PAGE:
Blanch did a brief stint as a copywriter in an advertising office and designed a poster for London Transport in 1933, however she soon turned to journalism: “It turned out that I express myself better in writing. And I had to earn my living, you know. I have always had to earn my living.” Articles like her profile of Pushkin for Time and Tide, and Anti-Beige, A plea for the Scarlet Woman for Harper’s Bazaar were remarked.
British Vogue at War
In 1935 Blanch joined British Vogue’s features department. From 1937-44 she was features editor, “Writing on everything but fashion — theatre, films, books, people“. She was on the front line of women journalists covering various aspects of Britain at war for the Ministry of Information, and documented the lives of women in the Forces with her friend the photographer Lee Miller. Vogue’s fashion editor, Anne Scott-James, described Lesley in her thinly disguised autobiographical novel In the Mink.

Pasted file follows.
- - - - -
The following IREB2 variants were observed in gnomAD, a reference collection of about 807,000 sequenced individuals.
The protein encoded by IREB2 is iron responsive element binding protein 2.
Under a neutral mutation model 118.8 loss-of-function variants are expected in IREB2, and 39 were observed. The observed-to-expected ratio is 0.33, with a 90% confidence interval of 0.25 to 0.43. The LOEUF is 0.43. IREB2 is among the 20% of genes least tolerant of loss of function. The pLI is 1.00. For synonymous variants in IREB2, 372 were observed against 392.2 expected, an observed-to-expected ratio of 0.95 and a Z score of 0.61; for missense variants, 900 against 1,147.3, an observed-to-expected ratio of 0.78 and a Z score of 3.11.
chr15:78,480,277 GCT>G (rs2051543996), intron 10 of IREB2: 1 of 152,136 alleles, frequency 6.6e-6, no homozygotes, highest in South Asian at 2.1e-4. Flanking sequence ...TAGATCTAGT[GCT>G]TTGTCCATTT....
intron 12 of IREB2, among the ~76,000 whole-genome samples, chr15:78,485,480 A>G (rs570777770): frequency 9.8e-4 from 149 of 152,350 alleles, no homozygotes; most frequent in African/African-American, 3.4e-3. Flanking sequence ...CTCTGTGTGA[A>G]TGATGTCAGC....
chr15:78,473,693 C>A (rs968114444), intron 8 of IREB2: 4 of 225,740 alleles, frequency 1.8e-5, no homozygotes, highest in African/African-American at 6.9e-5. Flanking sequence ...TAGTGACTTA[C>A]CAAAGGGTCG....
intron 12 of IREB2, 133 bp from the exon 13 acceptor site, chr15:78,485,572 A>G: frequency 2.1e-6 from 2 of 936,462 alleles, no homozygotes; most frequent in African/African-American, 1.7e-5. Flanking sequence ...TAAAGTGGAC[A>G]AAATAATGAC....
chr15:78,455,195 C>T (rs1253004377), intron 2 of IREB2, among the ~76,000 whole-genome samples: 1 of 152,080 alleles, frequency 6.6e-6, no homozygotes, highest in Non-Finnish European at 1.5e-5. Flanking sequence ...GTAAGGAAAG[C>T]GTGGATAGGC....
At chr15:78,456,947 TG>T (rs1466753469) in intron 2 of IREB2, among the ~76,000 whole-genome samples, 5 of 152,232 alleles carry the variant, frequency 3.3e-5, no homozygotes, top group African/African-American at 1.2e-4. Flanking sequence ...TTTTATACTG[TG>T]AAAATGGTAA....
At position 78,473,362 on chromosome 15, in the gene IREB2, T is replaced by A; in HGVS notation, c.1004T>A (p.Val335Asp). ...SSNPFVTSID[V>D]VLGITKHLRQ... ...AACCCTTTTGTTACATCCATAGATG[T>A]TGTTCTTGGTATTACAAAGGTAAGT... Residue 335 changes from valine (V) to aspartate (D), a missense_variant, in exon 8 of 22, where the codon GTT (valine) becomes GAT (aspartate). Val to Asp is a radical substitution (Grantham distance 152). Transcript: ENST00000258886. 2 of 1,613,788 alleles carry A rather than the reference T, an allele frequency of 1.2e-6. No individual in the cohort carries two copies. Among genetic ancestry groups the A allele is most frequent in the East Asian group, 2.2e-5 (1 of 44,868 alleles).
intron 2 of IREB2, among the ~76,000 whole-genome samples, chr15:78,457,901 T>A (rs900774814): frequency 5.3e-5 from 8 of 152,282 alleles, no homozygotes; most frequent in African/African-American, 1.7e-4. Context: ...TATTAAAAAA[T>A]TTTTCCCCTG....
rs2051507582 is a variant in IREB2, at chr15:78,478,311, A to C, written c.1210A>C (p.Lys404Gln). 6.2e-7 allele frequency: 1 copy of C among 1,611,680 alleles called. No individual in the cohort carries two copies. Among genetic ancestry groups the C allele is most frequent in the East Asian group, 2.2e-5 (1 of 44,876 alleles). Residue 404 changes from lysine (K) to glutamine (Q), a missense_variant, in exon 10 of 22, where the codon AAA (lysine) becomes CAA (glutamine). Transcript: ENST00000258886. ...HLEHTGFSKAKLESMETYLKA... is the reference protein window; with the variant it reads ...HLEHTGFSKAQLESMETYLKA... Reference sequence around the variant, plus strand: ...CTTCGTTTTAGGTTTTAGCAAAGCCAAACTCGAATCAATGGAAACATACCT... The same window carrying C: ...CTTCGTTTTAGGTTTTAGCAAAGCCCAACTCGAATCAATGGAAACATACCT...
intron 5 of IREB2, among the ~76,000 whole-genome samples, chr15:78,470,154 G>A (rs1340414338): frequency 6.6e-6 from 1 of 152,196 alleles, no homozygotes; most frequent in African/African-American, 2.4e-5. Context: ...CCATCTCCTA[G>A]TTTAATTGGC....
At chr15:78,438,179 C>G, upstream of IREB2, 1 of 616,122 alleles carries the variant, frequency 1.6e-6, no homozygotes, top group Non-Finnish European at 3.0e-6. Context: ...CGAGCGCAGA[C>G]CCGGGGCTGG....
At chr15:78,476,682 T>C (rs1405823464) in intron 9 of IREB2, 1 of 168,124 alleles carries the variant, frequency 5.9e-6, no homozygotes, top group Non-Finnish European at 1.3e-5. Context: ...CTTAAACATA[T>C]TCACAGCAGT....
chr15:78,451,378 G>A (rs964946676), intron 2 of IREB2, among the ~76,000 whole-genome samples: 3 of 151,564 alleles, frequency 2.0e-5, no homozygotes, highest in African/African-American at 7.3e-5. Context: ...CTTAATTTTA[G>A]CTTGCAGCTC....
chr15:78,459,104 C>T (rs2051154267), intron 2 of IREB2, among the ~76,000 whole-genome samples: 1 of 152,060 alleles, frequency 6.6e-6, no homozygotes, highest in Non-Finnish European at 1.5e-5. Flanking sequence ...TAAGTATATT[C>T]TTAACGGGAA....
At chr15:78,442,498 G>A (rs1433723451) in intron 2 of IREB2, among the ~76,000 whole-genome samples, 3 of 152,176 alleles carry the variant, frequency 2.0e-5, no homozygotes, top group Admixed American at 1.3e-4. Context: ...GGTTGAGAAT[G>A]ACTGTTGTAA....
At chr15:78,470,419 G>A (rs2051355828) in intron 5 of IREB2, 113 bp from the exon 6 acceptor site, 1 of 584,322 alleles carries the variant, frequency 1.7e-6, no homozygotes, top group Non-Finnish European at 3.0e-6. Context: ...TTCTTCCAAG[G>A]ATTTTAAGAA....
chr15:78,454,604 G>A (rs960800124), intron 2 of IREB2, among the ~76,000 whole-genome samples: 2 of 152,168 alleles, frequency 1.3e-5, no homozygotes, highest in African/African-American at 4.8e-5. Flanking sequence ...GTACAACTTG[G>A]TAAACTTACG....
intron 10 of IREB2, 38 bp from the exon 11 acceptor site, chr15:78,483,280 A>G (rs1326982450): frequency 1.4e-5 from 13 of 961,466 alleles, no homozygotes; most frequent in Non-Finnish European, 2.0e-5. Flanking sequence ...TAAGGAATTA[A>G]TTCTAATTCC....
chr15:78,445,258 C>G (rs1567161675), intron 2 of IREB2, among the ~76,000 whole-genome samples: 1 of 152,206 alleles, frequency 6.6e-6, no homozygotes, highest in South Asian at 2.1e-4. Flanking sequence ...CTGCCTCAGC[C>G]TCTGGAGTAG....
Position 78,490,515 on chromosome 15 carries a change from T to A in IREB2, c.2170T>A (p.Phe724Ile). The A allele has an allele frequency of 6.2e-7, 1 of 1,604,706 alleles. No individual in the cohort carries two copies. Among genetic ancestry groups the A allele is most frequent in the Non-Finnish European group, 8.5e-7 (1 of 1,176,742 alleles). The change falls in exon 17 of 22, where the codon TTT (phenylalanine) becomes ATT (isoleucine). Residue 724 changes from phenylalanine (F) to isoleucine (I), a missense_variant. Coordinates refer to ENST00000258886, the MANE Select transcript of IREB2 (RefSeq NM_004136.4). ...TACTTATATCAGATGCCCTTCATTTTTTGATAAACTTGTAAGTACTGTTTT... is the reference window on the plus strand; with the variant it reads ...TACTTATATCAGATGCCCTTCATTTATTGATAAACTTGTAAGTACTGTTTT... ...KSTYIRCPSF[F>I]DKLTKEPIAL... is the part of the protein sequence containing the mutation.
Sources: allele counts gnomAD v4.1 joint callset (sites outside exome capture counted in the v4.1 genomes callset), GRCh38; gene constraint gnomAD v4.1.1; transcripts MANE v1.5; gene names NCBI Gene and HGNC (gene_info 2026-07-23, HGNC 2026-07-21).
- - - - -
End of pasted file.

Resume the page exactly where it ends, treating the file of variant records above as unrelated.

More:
Lesley left British Vogue in 1945, and briefly wrote a column for the Daily Mail, but fell out with the commissioning editor, her love for all things Slav not chiming well with its conventional readership. Edward Hulton hired Lesley to write profiles about the cinema and its stars for The Leader – a journal of current affairs and the arts which was complementary to his successful photojournalist magazine, Picture Post. She worked for him as a film critic for a year. “When I lived in London during the Blitz, three flats were shattered from under me — by the end of it I wanted a change.”